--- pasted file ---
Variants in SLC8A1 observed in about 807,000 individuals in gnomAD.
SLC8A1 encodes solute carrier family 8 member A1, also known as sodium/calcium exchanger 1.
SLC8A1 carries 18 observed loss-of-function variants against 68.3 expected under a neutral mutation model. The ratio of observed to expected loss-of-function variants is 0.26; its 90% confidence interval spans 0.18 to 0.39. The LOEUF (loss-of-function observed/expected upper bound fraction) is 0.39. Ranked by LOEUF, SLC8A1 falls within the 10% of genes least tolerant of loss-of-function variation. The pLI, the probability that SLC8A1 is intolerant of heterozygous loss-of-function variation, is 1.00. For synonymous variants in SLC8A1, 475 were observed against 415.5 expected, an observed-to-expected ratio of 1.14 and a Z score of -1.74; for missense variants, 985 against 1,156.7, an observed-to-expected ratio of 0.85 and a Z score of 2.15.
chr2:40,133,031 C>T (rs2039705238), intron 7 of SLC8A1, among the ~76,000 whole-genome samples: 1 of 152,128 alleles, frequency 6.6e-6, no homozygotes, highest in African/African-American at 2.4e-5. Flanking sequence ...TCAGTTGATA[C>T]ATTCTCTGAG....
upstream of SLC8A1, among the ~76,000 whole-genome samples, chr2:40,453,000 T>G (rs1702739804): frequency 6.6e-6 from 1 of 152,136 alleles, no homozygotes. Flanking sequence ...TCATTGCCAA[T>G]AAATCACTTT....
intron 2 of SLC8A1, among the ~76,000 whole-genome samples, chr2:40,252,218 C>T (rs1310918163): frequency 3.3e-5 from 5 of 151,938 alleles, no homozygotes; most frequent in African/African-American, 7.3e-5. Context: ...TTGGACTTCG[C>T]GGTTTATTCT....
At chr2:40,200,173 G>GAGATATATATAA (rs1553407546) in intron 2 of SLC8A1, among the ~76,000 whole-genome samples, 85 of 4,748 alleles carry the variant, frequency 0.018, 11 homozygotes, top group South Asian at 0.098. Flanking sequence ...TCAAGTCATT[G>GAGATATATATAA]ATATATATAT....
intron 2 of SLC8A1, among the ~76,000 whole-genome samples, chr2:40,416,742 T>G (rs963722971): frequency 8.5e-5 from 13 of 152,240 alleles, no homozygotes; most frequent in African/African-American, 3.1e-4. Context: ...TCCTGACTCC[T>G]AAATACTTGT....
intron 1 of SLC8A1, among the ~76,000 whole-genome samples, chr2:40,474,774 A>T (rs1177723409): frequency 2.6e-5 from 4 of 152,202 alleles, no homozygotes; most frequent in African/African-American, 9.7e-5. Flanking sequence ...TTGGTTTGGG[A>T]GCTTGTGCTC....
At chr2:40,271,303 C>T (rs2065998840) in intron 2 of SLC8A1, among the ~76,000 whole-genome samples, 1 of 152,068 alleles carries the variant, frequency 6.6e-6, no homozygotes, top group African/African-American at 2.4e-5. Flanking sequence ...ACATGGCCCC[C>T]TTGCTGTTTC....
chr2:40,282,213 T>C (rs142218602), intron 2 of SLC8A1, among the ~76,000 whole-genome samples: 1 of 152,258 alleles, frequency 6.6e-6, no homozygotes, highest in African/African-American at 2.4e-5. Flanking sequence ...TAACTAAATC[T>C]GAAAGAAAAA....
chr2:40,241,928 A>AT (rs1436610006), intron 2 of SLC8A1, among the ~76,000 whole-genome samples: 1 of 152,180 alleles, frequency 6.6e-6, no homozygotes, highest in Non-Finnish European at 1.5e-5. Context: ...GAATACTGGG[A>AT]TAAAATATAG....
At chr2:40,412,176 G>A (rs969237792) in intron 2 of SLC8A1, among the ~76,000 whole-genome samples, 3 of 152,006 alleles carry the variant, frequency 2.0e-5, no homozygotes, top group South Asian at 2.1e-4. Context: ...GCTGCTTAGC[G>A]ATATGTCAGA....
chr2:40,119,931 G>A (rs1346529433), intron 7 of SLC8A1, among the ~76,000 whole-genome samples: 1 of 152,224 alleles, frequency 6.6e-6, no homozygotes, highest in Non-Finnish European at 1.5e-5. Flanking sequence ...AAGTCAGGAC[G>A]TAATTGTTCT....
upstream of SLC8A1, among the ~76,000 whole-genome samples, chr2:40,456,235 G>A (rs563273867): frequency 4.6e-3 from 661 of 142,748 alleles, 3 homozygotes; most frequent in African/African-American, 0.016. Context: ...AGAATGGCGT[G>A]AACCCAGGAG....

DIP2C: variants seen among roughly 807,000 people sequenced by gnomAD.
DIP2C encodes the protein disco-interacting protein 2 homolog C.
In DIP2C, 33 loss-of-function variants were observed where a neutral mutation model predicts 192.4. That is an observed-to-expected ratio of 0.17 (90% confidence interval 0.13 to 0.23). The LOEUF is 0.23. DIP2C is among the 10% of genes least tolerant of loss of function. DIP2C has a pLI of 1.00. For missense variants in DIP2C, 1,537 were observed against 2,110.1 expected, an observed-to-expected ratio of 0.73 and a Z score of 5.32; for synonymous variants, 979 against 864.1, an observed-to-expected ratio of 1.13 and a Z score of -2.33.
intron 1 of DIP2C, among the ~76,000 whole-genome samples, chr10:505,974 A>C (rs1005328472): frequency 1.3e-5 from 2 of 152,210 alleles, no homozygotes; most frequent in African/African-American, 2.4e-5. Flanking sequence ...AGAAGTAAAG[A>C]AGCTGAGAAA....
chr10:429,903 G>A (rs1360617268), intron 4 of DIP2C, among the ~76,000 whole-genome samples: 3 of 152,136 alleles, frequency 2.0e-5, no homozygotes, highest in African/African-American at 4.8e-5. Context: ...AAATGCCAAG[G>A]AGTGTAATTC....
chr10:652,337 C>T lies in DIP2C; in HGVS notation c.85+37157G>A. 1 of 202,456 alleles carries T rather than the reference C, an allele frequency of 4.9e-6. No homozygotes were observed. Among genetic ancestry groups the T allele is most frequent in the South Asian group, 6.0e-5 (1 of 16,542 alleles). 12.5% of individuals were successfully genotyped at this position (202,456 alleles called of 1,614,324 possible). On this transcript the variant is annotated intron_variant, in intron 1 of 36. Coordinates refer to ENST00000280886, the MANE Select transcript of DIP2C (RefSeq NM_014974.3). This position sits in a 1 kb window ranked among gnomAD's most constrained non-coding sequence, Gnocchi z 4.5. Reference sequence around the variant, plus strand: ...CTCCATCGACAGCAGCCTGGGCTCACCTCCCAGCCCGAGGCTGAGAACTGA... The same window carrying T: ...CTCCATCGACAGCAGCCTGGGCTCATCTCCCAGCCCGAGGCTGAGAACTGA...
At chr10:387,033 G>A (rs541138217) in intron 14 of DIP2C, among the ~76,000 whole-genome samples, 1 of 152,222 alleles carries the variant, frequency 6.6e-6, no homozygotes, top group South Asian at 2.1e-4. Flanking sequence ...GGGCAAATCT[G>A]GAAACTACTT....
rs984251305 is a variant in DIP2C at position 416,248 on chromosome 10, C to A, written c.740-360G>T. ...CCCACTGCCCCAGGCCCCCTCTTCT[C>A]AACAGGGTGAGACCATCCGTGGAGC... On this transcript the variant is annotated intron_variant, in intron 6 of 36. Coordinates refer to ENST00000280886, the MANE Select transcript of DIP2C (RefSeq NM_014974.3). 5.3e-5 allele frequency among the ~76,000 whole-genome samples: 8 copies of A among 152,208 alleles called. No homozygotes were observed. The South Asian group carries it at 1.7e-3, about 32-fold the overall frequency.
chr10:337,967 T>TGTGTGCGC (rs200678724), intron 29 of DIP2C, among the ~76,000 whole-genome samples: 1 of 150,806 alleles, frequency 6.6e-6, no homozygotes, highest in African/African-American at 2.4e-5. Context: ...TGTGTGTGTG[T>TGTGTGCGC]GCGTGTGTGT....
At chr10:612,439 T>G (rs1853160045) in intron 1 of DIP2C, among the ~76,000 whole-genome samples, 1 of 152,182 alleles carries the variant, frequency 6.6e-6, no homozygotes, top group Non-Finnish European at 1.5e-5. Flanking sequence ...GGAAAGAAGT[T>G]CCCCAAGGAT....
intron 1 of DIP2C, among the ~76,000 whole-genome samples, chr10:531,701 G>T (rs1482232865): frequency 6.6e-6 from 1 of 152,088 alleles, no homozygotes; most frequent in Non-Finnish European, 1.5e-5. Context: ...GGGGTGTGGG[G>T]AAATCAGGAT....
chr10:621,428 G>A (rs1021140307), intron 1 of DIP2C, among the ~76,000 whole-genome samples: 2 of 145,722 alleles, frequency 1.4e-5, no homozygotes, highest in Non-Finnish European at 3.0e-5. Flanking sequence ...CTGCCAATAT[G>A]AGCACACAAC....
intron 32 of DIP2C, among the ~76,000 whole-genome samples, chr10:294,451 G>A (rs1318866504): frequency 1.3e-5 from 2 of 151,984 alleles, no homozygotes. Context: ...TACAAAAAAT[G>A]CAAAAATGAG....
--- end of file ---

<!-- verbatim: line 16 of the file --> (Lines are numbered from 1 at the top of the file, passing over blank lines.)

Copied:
DIP2C: variants seen among roughly 807,000 people sequenced by gnomAD.